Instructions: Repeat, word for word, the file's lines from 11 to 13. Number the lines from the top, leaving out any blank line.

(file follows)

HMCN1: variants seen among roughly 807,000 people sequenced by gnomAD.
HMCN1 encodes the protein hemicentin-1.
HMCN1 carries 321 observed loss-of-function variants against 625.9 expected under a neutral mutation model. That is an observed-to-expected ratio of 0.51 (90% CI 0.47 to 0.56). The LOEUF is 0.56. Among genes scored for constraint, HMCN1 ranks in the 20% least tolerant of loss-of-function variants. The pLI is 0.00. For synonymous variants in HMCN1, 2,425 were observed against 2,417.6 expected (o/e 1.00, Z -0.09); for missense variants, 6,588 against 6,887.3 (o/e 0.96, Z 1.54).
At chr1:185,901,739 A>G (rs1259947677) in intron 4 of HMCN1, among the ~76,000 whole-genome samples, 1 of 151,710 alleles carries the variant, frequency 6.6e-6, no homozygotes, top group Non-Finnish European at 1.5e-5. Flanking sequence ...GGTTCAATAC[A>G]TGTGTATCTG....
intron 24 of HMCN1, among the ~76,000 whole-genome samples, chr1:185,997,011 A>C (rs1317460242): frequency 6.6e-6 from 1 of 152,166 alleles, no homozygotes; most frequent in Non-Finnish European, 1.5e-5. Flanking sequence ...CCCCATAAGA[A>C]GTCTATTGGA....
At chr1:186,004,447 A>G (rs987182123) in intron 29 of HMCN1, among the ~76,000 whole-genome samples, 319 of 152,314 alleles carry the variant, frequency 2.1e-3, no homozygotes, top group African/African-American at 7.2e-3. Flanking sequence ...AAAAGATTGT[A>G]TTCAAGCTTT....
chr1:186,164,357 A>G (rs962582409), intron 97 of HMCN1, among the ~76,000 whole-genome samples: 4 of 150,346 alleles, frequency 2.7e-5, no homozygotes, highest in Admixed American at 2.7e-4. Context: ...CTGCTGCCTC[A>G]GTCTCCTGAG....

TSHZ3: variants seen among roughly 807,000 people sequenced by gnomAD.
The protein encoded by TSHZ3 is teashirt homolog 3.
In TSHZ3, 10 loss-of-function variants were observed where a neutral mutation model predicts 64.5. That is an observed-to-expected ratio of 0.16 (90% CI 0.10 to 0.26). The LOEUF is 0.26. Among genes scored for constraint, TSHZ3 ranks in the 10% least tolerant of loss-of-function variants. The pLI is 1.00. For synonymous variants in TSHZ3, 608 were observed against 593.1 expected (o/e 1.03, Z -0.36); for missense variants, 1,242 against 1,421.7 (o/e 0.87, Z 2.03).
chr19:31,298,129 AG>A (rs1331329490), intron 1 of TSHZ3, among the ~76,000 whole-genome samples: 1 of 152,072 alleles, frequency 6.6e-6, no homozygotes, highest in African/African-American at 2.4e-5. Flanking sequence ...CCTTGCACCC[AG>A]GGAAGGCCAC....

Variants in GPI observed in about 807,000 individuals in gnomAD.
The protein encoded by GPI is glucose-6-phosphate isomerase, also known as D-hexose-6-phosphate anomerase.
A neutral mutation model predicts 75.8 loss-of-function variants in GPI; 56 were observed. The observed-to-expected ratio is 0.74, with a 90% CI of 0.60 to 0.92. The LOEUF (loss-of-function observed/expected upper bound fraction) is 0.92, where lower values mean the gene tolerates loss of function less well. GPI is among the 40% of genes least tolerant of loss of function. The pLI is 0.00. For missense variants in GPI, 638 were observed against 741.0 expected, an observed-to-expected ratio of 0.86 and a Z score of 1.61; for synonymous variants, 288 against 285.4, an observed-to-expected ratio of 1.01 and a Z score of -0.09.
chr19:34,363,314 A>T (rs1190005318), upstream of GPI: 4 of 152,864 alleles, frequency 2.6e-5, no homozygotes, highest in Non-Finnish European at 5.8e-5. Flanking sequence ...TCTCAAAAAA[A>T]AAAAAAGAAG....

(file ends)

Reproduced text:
chr19:31,298,129 AG>A (rs1331329490), intron 1 of TSHZ3, among the ~76,000 whole-genome samples: 1 of 152,072 alleles, frequency 6.6e-6, no homozygotes, highest in African/African-American at 2.4e-5. Flanking sequence ...CCTTGCACCC[AG>A]GGAAGGCCAC....

Variants in GPI observed in about 807,000 individuals in gnomAD.
The protein encoded by GPI is glucose-6-phosphate isomerase, also known as D-hexose-6-phosphate anomerase.